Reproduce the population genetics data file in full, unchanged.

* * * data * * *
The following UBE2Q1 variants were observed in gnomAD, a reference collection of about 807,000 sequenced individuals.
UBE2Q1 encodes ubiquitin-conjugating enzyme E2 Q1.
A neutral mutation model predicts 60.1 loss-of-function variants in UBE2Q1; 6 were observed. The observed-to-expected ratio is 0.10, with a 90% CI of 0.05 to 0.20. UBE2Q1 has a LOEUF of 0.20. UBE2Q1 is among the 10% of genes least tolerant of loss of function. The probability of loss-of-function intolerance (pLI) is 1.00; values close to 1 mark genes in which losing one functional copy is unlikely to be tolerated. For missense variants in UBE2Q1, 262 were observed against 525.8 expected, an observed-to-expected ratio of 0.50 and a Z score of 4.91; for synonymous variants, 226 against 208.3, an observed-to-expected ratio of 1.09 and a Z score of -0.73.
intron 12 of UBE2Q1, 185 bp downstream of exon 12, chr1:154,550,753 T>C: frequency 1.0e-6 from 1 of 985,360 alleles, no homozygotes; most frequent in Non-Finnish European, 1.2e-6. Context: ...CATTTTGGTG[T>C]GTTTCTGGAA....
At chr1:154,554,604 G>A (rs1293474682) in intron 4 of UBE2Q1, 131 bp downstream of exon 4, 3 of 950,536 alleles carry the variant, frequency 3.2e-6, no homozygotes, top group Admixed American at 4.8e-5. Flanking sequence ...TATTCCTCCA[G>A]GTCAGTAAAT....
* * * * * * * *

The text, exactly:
The following UBE2Q1 variants were observed in gnomAD, a reference collection of about 807,000 sequenced individuals.
UBE2Q1 encodes ubiquitin-conjugating enzyme E2 Q1.
A neutral mutation model predicts 60.1 loss-of-function variants in UBE2Q1; 6 were observed. The observed-to-expected ratio is 0.10, with a 90% CI of 0.05 to 0.20. UBE2Q1 has a LOEUF of 0.20. UBE2Q1 is among the 10% of genes least tolerant of loss of function. The probability of loss-of-function intolerance (pLI) is 1.00; values close to 1 mark genes in which losing one functional copy is unlikely to be tolerated. For missense variants in UBE2Q1, 262 were observed against 525.8 expected, an observed-to-expected ratio of 0.50 and a Z score of 4.91; for synonymous variants, 226 against 208.3, an observed-to-expected ratio of 1.09 and a Z score of -0.73.
intron 12 of UBE2Q1, 185 bp downstream of exon 12, chr1:154,550,753 T>C: frequency 1.0e-6 from 1 of 985,360 alleles, no homozygotes; most frequent in Non-Finnish European, 1.2e-6. Context: ...CATTTTGGTG[T>C]GTTTCTGGAA....
At chr1:154,554,604 G>A (rs1293474682) in intron 4 of UBE2Q1, 131 bp downstream of exon 4, 3 of 950,536 alleles carry the variant, frequency 3.2e-6, no homozygotes, top group Admixed American at 4.8e-5. Flanking sequence ...TATTCCTCCA[G>A]GTCAGTAAAT....